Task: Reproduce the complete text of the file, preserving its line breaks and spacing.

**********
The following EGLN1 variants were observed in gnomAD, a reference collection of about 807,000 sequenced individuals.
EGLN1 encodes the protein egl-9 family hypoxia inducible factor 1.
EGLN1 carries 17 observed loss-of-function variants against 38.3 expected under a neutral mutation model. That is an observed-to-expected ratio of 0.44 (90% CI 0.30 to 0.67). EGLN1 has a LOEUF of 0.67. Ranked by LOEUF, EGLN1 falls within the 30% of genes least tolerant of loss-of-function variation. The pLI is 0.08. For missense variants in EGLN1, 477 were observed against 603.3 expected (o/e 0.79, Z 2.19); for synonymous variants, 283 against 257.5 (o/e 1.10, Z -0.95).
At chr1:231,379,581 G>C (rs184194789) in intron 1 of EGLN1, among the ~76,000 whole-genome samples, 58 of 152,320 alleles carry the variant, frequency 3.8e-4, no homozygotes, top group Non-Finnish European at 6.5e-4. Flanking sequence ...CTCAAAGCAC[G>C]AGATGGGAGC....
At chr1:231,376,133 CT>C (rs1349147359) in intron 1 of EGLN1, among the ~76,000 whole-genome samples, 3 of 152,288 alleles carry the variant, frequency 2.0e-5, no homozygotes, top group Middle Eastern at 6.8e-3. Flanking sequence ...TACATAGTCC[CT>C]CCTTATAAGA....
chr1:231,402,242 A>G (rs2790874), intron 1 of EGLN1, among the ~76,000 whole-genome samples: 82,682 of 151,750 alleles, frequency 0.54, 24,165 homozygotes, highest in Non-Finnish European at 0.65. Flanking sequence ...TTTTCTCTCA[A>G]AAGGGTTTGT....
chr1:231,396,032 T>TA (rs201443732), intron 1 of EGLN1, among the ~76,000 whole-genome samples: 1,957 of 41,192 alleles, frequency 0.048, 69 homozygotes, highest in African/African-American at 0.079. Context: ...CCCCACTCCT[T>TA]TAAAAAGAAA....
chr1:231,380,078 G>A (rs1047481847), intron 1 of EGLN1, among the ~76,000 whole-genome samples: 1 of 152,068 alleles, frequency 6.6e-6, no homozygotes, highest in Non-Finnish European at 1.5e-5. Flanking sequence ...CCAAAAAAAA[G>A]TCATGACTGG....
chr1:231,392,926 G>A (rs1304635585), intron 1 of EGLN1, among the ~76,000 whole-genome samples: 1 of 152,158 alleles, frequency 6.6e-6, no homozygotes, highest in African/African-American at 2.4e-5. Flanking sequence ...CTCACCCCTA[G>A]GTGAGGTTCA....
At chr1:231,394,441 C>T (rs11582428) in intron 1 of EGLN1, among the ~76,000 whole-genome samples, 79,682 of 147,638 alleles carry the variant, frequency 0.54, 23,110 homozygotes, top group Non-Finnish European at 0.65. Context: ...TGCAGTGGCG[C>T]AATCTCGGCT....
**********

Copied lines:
The following EGLN1 variants were observed in gnomAD, a reference collection of about 807,000 sequenced individuals.
EGLN1 encodes the protein egl-9 family hypoxia inducible factor 1.
EGLN1 carries 17 observed loss-of-function variants against 38.3 expected under a neutral mutation model. That is an observed-to-expected ratio of 0.44 (90% CI 0.30 to 0.67). EGLN1 has a LOEUF of 0.67. Ranked by LOEUF, EGLN1 falls within the 30% of genes least tolerant of loss-of-function variation. The pLI is 0.08. For missense variants in EGLN1, 477 were observed against 603.3 expected (o/e 0.79, Z 2.19); for synonymous variants, 283 against 257.5 (o/e 1.10, Z -0.95).
At chr1:231,379,581 G>C (rs184194789) in intron 1 of EGLN1, among the ~76,000 whole-genome samples, 58 of 152,320 alleles carry the variant, frequency 3.8e-4, no homozygotes, top group Non-Finnish European at 6.5e-4. Flanking sequence ...CTCAAAGCAC[G>C]AGATGGGAGC....
At chr1:231,376,133 CT>C (rs1349147359) in intron 1 of EGLN1, among the ~76,000 whole-genome samples, 3 of 152,288 alleles carry the variant, frequency 2.0e-5, no homozygotes, top group Middle Eastern at 6.8e-3. Flanking sequence ...TACATAGTCC[CT>C]CCTTATAAGA....
chr1:231,402,242 A>G (rs2790874), intron 1 of EGLN1, among the ~76,000 whole-genome samples: 82,682 of 151,750 alleles, frequency 0.54, 24,165 homozygotes, highest in Non-Finnish European at 0.65. Flanking sequence ...TTTTCTCTCA[A>G]AAGGGTTTGT....
chr1:231,396,032 T>TA (rs201443732), intron 1 of EGLN1, among the ~76,000 whole-genome samples: 1,957 of 41,192 alleles, frequency 0.048, 69 homozygotes, highest in African/African-American at 0.079. Context: ...CCCCACTCCT[T>TA]TAAAAAGAAA....
chr1:231,380,078 G>A (rs1047481847), intron 1 of EGLN1, among the ~76,000 whole-genome samples: 1 of 152,068 alleles, frequency 6.6e-6, no homozygotes, highest in Non-Finnish European at 1.5e-5. Flanking sequence ...CCAAAAAAAA[G>A]TCATGACTGG....
chr1:231,392,926 G>A (rs1304635585), intron 1 of EGLN1, among the ~76,000 whole-genome samples: 1 of 152,158 alleles, frequency 6.6e-6, no homozygotes, highest in African/African-American at 2.4e-5. Flanking sequence ...CTCACCCCTA[G>A]GTGAGGTTCA....
At chr1:231,394,441 C>T (rs11582428) in intron 1 of EGLN1, among the ~76,000 whole-genome samples, 79,682 of 147,638 alleles carry the variant, frequency 0.54, 23,110 homozygotes, top group Non-Finnish European at 0.65. Context: ...TGCAGTGGCG[C>T]AATCTCGGCT....